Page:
Farewell to America’s Uncle

There’s been a lot of discussion lately on the future of journalism. My pal Gil Asakawa’s been on a few panels discussing it. Newspapers are dropping like flies, slimming down like The NY Times, going online more and trying to reinvent themselves in an era of declining readership and plummeting revenue. We’re told that “new media,” citizen-journalists (what is that anyway?), bloggers and tweaters are the future of information delivery. The professional, trained journalist is out of fashion; old-fashioned legwork and reporting won’t cut it in this era of 24-hour “news” outlets and an unrelenting news cycle.
Walter Cronkite

For anyone alive at the time John F. Kennedy was shot (or the millions who have seen the famous video clip since), the image of Walter Cronkite announcing that the nation’s young President was dead is forever engraved in our brains. Cronkite seldom showed emotions on air, but after reading the annoucement he paused, removed his glasses and seemed to stare into space for an eternity, before slowly replacing his glasses. He communicated not only the facts of the story, but seemed to sum up the feeling of the country.

Cronkite’s famous sign off was “…and that’s the way it is,” and it was the kind of journalism he practiced. He had noted that his tenure as a reporter for The United Press, where he said he learned to write accurately and fast, both talents that would serve him well. Hired by the legendary Edward R. Murrow, he helped to mold the fledgling CBS-TV network news operation into the famed “Tiffany network.” He gained the trust of America at a time when three networks dominated network news, with Cronkites CBS Evening News being the most dominant of the three. Even after he left his anchor position (with some prodding from a network eager to keep Cronkite’s heir Dan Rather in the fold), Cronkite was consistently voted among America’s most trusted leaders, frequently holding the top spot.

Walter Cronkite insisted on the both the title an job of Managing Editor for the CBS Evening News. He was very much the “anchor” that held things together, but he continued to be a working newsman, frequently writing his own copy, rather than just reading someone else’s off the teleprompter. (After assuming the post, Dan Rather continued the practice during his tenure).

After the Tet offensive in Viet Nam, Cronkite made one of his few editorial expressions on the air. PBS’s Bill Moyers recalled Lyndon Johnson watching the broadcast and observing that if he’d lost Cronkite, he’d lost the support of the country for the war.

One of the things I remember most about “Uncle Walter” was his coverage of the various space shots and flights. This was back in the time when going into space was a big deal; when the teacher would wheel a TV into the classroom so we grade-school kids could watch the launches. This was one area where Cronkite’s professional demeanor would give way to sheer amazement — a feeling shared by most of us. Covering the live, first steps on the moon, he momentarily was speechless. Again, pretty much conveying what most of the world was thinking at that moment. I knew something was wrong with Cronkite when he was conspicously absent from all the coverage surrounding the 40th anniversary of that event.

It seems the last few months were hard on him, as cerebral vascular disease causes the blood vessels in that formidable brain to melt way. One can only imagine the damage the disease did. Walter Cronkite was, however, active and productive up until almost the very end. He contributions to journalism, to television, and to our collective consciousness will live on.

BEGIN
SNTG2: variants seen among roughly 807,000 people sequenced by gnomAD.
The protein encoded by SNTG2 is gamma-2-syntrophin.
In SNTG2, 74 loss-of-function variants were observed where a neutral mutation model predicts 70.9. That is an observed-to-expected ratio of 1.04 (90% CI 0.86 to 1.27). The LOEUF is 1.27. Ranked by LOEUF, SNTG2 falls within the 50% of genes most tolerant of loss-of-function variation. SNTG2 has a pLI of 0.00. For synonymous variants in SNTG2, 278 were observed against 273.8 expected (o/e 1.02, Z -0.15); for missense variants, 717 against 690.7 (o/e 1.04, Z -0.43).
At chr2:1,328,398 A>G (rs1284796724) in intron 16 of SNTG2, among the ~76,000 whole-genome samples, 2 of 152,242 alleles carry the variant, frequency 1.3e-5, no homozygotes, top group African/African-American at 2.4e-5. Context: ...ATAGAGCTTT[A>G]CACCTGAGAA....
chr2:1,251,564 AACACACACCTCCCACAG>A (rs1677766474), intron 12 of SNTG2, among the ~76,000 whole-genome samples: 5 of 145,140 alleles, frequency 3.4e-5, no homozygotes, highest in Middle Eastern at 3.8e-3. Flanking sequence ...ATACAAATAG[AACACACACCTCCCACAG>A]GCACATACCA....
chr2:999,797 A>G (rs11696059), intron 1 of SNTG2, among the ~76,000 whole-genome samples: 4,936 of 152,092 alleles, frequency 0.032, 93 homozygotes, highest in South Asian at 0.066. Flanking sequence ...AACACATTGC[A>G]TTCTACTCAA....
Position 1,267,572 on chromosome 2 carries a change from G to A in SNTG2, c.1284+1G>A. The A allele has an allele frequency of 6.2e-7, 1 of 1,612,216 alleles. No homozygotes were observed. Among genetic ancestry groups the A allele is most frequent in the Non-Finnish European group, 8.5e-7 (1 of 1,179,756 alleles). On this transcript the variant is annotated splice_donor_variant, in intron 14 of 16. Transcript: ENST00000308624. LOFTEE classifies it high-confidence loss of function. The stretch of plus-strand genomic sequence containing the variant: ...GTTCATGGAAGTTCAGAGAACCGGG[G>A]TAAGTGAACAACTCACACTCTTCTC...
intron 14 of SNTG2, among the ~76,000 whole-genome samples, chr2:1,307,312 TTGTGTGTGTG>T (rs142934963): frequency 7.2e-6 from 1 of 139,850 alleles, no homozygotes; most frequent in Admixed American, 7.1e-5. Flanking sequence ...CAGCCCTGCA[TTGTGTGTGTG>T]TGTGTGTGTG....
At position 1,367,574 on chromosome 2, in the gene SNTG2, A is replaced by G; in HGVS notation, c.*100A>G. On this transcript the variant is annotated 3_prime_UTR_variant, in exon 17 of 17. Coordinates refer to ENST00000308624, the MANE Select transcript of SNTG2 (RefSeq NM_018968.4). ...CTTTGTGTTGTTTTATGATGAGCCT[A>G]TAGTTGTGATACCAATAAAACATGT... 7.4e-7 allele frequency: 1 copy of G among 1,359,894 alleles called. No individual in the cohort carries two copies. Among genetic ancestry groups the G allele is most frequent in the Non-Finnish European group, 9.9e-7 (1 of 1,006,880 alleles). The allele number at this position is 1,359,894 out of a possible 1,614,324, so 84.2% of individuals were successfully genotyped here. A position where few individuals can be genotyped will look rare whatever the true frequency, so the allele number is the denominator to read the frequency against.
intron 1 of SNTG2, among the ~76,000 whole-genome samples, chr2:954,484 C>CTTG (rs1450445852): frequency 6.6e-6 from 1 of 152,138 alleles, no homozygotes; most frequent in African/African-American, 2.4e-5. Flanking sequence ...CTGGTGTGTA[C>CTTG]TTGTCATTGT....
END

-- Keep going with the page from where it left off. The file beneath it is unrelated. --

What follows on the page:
Tone Deaf In Alaska

By now, everyone has heard of the “Letterman/Palin flap.” Mostly, that is, because — as usual — the Wassila Hillbillie won’t shut up about it. Letterman cheerfully admitted his joke was in bad taste (this is news? Bad taste on a late-night comedy show?) and said he probably regretted saying it (along with thousands of other ill-considered jokes that bombed). Amidst all the outrage, a number of things got lost. First off, the joke was directed as much at Alex Rodriguez as it was at an (unidentified) Palin daughter. Second, you may recall that one of Sarah Palin’s daught was, indeed, “knocked up.” This would be the daughter who was trotted out at any number of political functions as a prop. The daughter who was applauded for her “choice” in having and keeping the baby — a choice that Mom works hard to deny to anyone else’s daughter (and, as she admitted, a choice she allowed herself). The daughter who was pushed into an “engagement” that ended about as suddenly as the campaign, much to no one’s surprise.

And, for that matter, despite the usual far-right cries about the “Hollywood/New York elite,” the term “knocked up” is one you’re more likely to hear in — say — the backwarers of Wasilla than midtown Manhattan. Furthermore, the term does not in any way imply rape (statutory or otherwise); in nearly all cases of a girl getting “knocked up,” it’s entirely consensual.

Actually, I think Letterman’s joke would gone better something like this:  “Sarah Palin was at the Yankees’ game today. And during the 7th inning stretch, Alex Rodrigeuz hit on her.” OK, that’s almost as stupid (and not terribly funny) as the original version. And a whole lot less offensive.

This whole episode just demonstrates, once again, how tone-deaf and just plain stupid Palin is. We learned that during the campaign. No amount of cramming on current events and foreign affairs can make up for the lack of an intelligent, curious mind. It’s so blatantly obvious that Palin is just using this incident (and, not coincidentally, exploiting her kids again) to get more attention. She seems to think that any publicity is good for her, no matter how much it reveals her intellectural shortcomings.

In the middle of all this, Sarah Palin has been ranting and raving about “the gov’ment” coming to get you. Railing about “the gov’ment” bailing out the states, and then they’ll be telling ou how to live your life. Has anyone told her that, as Governor of Alaska, she is the government. Interesting how all these “anti-government” officials are the ones whining about how thy don’t get back more money than they send to Washington (as if there weren’t any national expenses, like the military, or road and bridges, or protecting the ports, etc. that need to be funded). It’s always the states that actually do get more back than they send that are complaining. The states that contribute more — well, you don’t generally hear them complaining.